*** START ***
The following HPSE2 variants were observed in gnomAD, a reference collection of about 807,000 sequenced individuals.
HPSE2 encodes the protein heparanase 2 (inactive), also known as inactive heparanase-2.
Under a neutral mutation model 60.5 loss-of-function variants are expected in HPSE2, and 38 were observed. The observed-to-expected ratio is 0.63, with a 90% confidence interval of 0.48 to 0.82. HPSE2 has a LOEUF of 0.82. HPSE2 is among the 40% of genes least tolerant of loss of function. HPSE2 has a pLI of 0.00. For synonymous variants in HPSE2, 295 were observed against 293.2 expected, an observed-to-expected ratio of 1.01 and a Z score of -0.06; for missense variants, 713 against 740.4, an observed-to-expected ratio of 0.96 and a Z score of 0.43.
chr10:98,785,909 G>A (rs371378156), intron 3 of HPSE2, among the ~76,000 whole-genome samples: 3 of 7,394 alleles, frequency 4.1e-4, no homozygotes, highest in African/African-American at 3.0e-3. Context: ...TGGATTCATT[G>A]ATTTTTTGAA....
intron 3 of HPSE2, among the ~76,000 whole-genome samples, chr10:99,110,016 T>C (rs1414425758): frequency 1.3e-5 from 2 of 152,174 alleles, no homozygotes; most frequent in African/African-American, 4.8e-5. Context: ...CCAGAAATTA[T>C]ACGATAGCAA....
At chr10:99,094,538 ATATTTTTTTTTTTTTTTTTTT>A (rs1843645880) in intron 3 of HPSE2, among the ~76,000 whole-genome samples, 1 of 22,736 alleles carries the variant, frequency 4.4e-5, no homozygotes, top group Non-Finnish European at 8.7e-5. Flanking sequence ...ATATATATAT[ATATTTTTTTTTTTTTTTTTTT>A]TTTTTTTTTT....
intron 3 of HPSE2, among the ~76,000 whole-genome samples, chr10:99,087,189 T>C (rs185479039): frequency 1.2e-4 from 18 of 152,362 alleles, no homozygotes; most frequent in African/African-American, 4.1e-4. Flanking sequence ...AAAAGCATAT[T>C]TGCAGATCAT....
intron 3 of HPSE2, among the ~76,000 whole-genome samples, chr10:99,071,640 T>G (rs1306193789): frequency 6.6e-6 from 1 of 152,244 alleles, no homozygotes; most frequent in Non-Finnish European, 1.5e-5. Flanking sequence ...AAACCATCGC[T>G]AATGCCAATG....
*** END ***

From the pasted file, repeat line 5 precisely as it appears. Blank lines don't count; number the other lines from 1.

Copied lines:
intron 3 of HPSE2, among the ~76,000 whole-genome samples, chr10:99,110,016 T>C (rs1414425758): frequency 1.3e-5 from 2 of 152,174 alleles, no homozygotes; most frequent in African/African-American, 4.8e-5. Context: ...CCAGAAATTA[T>C]ACGATAGCAA....